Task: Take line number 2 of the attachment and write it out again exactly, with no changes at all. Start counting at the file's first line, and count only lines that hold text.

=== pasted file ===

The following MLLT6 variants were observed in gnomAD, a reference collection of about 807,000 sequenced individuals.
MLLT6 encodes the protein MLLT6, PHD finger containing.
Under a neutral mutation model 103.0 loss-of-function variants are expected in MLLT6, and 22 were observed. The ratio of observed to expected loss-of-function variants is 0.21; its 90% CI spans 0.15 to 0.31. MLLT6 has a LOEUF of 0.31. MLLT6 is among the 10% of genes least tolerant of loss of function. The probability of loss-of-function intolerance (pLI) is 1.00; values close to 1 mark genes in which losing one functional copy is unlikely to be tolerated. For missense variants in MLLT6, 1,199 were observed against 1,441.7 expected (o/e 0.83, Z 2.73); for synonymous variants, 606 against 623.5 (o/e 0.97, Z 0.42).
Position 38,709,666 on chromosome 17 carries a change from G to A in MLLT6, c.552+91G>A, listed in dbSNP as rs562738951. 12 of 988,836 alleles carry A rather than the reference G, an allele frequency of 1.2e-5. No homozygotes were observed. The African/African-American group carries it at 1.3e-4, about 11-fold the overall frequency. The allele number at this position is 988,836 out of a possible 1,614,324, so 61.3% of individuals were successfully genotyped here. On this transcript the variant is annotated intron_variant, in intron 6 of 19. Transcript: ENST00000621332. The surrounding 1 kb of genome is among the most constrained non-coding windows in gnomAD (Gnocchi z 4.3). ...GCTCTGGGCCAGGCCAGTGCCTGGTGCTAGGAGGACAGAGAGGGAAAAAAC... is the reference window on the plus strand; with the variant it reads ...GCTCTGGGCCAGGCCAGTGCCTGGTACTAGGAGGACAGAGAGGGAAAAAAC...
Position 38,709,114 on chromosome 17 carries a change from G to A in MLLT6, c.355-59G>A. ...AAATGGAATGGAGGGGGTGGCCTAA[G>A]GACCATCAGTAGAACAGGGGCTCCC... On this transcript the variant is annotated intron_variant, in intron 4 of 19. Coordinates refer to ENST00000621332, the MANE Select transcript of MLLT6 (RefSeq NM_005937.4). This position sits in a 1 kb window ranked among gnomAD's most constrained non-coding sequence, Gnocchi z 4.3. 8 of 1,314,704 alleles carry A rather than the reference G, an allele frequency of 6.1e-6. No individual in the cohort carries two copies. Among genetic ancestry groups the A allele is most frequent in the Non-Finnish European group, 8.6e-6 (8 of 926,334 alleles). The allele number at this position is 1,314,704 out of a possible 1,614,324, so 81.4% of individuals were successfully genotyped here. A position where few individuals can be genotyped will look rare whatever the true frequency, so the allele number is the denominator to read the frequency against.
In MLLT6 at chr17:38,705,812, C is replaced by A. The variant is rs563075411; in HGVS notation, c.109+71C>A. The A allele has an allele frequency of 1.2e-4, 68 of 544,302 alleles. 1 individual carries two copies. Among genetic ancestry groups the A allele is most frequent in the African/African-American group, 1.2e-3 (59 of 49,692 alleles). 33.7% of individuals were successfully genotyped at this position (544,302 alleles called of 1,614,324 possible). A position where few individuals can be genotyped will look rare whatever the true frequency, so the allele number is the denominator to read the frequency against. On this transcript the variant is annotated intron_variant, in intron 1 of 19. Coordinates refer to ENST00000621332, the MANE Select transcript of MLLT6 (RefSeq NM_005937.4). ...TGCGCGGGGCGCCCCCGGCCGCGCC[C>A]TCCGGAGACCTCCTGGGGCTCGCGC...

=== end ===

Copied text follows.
MLLT6 encodes the protein MLLT6, PHD finger containing.